Recognising that looks do matter doesn’t mean you will actively discriminate against ugly folk or needlessly objectify the beautiful, it just means you are aware that you unconsciously judge others based on what you see, no matter how that conflicts with your moral code.
Sometimes suffering is just suffering. It doesn’t make you stronger. It doesn’t build character. It only hurts.
The Fairest of Them All
(An alternate ending to Snow White and the Seven Dwarfs)
After the Evil Queen, disguised as an old peddler, poisons Snow White with the infamous apple, she tries to escape the wrath of the seven dwarfs. Except this tale will not have a happy ending, for the Evil Queen successfully takes the lives of the seven jolly dwarfs. There’s no hope for Love’s First Kiss either, as magic can vanquish even the purest, most powerful forms of love, and replace it with unholy feelings of lust and subservience. In the end, the Evil Queen triumphs, taking for herself the affections of the young prince, Snow White’s love interest.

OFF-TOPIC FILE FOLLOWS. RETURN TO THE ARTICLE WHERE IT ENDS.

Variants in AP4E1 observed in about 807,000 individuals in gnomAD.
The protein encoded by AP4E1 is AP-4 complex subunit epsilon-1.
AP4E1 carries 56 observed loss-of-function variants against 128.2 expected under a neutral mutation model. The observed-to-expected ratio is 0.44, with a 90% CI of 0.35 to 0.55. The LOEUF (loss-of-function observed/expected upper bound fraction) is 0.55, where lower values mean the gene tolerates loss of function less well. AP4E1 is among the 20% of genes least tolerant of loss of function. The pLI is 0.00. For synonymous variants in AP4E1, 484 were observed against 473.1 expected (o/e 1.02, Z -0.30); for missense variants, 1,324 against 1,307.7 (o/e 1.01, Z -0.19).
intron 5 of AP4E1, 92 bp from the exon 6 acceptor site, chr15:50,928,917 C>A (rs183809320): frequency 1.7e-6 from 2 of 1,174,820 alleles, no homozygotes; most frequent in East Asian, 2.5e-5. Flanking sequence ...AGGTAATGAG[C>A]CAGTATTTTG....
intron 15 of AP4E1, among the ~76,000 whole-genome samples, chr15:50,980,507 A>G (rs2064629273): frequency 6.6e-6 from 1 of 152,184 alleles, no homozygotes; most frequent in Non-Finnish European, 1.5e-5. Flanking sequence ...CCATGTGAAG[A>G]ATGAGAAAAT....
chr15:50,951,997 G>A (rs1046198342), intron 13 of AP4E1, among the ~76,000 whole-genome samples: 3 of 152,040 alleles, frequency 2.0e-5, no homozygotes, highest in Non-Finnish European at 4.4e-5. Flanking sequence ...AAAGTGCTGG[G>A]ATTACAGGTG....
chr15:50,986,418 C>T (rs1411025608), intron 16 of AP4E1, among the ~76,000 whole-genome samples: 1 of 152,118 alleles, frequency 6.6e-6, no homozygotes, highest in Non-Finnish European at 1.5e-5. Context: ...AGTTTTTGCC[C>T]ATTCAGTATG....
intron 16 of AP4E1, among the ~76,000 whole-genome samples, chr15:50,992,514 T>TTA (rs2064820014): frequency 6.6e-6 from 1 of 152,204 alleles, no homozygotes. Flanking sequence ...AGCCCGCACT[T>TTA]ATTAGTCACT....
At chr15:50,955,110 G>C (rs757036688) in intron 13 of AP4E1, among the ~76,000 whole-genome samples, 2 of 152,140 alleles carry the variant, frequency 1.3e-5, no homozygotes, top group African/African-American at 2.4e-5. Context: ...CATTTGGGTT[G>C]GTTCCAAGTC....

EXT. FOREST - NIGHTFALL.
The sky has been recently overcast with heavy clouds that enshrouded the once sunny, pleasant day all of a sudden. Rain is pouring down and thunder roars in the darkened sky, and barely anything is visible in the dimmed woods. The trees look frightening, big and small alike, with their thin, bent branches resembling menacing talons who would like to snatch a passerby away to a world of unearthly torments in their hollow insides. An old, hideous hag, dressed in a black, hooded robe makes her way through the woods with all the speed that she can possibly muster, for she is running for her wretched life. She shows more vigor than would be expected for someone looking so very aged. Not too far from where she’s currently at, a group of seven little men, mounted on deers and accompanied by the woodland animals, chase after her bellowing with anger and sheer hatred. One of them, called Grumpy cries out to his companions.
GRUMPY – (Scowling.) After her! She’s getting away!
The old hag desperately tries to keep her distance but they are slowly catching up to her. She grabs onto a rock and starts climbing up a cliff, quite weary and drenched in raindrops and her own sweat.
OLD HAG – (Panting.) Those fools… I cannot… They… I won’t let them… catch me… (Restarts climbing up the mountain with redoubled efforts.)
By then, the dwarves have also started to climb up the hill.